Of Kavanaugh, who served on a key federal appeals court for a decade, EchoHawk said his record was "very slim on Indian law issues."

"And what was there was mixed," EchoHawk told the National Congress of American Indians as tribal leaders met in the same city where they established the organization in 1944 to address threats to the rights of Native peoples.

Kavanaugh's addition to the conservative wing of the high court spells trouble as tribes and their advocates await a decision in the last Indian law case on the docket. Only this time around, Gorsuch won't be able to come to the rescue in Carpenter v. Murphy because he has recused himself.

Gorsuch hasn't stated publicly his reasons for stepping away from the highly-charged dispute, which centers on the continued existence of the reservation of the Muscogee (Creek) Nation. But it's possible he came into contact with the case when he was serving on the 10th Circuit Court of Appeals, where it originated.

If the Supreme Court affirms the reservation boundaries, a Creek citizen who was convicted of murder will be set free from death row in Oklahoma because the charges will have to be prosecuted in the federal, instead of the state, system.

With Gorsuch sidelined, the case will be decided by eight justices, four of whom sided with tribal interests in Herrera and Cougar Den and four who didn't. Already there are signs that they are having trouble with it.

After oral arguments last November, the Supreme Court took the unusual step of ordering the parties to submit additional briefs. That almost never happens in an Indian law case.

"That really signals, at least at that stage, that the court was struggling to get their majority view on this case," Joel Williams, a citizen of the Cherokee Nation who serves as a staff attorney at NARF, told leaders of the United South and Eastern Tribes during their recent meeting in Washington, D.C.

There is some silver lining, however. If the eight justices are unable to reach a majority view in Murphy, the 10th Circuit's ruling in favor of the Creek Reservation, which was established by treaty in 1866, will stand by a 4-4 tie.

Such an outcome is more likely -- it's happened not just once, but twice in an Indian law case in the last three years.

Experts, however, don't expect an answer soon. They don't think Murphy will come out until the very end of the current term, typically at the end of June.

In Dollar General Corporation v. Mississippi Band of Choctaw Indians, one of the deadlocked cases, the justices waited until almost the end of the term to deliver the one-page ruling, which affirmed a lower court ruling in support of tribal jurisdiction over non-Indians. The 4-4 tie in Washington v. U.S. also upheld a decision in favor of tribal treaty rights.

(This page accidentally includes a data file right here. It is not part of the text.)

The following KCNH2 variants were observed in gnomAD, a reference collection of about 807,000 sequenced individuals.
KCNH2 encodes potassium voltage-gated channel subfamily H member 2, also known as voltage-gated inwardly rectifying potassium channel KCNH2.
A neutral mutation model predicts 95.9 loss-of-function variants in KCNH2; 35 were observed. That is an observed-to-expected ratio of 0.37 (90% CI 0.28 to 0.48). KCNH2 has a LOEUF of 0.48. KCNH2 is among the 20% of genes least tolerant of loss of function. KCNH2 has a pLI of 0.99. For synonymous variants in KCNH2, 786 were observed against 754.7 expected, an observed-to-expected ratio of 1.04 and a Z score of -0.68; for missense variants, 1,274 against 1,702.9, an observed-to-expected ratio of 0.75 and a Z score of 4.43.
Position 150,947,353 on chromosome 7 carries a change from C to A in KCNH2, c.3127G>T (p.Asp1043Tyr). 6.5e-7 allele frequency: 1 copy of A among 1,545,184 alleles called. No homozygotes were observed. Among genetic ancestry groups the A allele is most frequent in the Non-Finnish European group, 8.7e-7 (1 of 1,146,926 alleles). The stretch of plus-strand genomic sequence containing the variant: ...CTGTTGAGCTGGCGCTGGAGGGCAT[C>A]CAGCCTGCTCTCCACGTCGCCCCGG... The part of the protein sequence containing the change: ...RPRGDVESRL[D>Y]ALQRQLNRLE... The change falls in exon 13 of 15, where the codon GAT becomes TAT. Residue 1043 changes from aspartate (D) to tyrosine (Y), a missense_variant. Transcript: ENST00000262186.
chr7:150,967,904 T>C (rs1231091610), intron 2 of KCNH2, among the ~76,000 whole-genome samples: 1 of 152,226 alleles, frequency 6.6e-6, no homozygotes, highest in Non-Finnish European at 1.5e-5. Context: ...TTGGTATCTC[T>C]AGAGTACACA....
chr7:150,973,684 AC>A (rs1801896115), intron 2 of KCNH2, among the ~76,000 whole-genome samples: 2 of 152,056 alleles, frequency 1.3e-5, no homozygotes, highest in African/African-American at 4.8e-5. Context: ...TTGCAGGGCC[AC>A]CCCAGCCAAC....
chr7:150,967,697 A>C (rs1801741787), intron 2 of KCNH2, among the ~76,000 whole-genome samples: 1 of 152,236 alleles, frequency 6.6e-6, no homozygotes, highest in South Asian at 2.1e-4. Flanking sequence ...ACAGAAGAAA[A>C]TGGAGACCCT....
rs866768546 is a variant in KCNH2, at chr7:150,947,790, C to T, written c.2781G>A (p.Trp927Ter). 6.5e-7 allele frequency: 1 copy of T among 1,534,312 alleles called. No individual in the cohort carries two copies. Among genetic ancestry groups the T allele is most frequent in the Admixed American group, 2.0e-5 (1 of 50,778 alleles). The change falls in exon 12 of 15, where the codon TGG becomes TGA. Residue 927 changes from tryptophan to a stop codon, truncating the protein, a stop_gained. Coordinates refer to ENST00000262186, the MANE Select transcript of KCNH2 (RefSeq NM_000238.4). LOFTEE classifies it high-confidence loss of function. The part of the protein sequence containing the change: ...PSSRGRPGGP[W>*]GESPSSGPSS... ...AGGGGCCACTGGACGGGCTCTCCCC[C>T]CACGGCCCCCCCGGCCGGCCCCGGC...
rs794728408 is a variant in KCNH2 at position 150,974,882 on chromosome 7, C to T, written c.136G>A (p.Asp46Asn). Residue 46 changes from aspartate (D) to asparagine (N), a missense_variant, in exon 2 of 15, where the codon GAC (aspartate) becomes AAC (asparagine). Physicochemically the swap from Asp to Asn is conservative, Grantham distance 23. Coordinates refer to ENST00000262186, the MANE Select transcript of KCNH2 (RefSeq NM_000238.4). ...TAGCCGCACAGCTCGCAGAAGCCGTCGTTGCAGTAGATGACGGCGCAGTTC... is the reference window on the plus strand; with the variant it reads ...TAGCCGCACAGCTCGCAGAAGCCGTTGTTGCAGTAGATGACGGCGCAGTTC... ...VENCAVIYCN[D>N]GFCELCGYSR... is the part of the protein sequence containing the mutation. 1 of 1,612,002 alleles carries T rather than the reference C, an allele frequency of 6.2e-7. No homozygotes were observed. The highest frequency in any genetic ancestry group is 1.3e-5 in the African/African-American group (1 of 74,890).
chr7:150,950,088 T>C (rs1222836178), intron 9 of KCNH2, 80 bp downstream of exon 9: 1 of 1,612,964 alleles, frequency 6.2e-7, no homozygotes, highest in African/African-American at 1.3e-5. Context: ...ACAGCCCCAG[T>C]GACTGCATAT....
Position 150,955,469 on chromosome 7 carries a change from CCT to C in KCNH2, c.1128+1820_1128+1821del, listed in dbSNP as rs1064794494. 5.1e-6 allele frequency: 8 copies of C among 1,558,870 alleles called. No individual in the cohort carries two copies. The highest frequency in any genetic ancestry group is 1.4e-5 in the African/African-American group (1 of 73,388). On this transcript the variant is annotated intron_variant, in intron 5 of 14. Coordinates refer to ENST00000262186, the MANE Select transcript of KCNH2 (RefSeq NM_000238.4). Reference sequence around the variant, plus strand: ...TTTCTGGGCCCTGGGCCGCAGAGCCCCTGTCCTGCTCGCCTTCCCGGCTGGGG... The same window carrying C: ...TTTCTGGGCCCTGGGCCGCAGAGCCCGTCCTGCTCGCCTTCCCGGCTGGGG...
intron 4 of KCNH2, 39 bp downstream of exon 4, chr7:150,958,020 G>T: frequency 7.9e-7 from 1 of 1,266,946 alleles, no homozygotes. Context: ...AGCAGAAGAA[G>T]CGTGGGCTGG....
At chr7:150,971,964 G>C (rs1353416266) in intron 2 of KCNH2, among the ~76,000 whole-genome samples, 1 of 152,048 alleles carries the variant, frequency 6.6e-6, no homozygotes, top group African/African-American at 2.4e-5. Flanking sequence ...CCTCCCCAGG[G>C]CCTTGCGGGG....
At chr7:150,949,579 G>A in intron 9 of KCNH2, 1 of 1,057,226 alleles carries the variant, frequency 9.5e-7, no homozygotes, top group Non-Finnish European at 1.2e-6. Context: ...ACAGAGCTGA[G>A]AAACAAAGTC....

But for now, observers are reflecting favorably as the current term winds down. One of them is Gavin Clarkson, a citizen of the Choctaw Nation who is seeking the Republican nomination for an open U.S. Senate seat in New Mexico.

"As I said in March, Indian Country should again thank President Trump for appointing Justice Gorsuch, who clearly understands that tribal sovereignty and private property rights are two sides of the same conservative coin," Clarkson told Indianz.Com after Herrera came out.

Clarkson, who spent six months as a Trump appointee in 2017, attended the Herrera hearing and walked away impressed with Gorsuch's understandings of treaty rights and other Indian law principles. Based on some of the questions posted during arguments, he felt Kavanaugh could have been swayed to the tribal side but that didn't turn out to be the case with Monday's decision.

Chief Justice John G. Roberts, Jr., administers the Constitutional Oath to Judge Brett M. Kavanaugh in the Justices’ Conference Room, Supreme Court Building. Mrs. Ashley Kavanaugh holds the Bible. Photo: Fred Schilling, Collection of the Supreme Court of the United States

After Cougar Den, Mary Kathryn Nagle, an attorney and Cherokee citizen, also voiced optimism about the court's direction. She pointed to Gorsuch's willingness to take a critical look at precedents that have gone against Indian Country's interests, and his ability to get other justices on board and overturn

"I think we are starting to see a turn," Nagle said at the Safety for Our Sisters symposium, which was held at the National Museum of the American Indian in March.

Tribal jurisdiction over non-Indians happens to be one of those areas that could benefit from Gorsuch's influence. Had he been present for Dollar General, for example, the court might have set the record straight in a more decisive manner.

"There's some glimmering hope," said Nagle, who has worked on Supreme Court cases affecting protections for Native women.

Supreme Court Decision: Herrera v. Wyoming
Syllabus | Opinion [Sotomayor] | Dissent [Alito]

Supreme Court Documents: Herrera v. Wyoming
Docket Sheet: No. 17-532 | Oral Argument Transcript | Questions Presented

Indianz.Com on SoundCloud: U.S. Supreme Court - Herrera v. Wyoming - January 8, 2019

Supreme Court Decision: Washington State Department of Licensing v. Cougar Den
Syllabus | Judgment [Breyer] | Concurrence [Gorsuch] | Dissent [Roberts] | Dissent [Kavanaugh]

Supreme Court Documents: Washington State Department of Licensing v. Cougar Den
Docket Sheet: No. 16-1498 | Questions Presented | Oral Argument Transcript

Indianz.Com on SoundCloud: U.S. Supreme Court - Washington State Dept. of Licensing v. Cougar Den, Inc. - October 30, 2018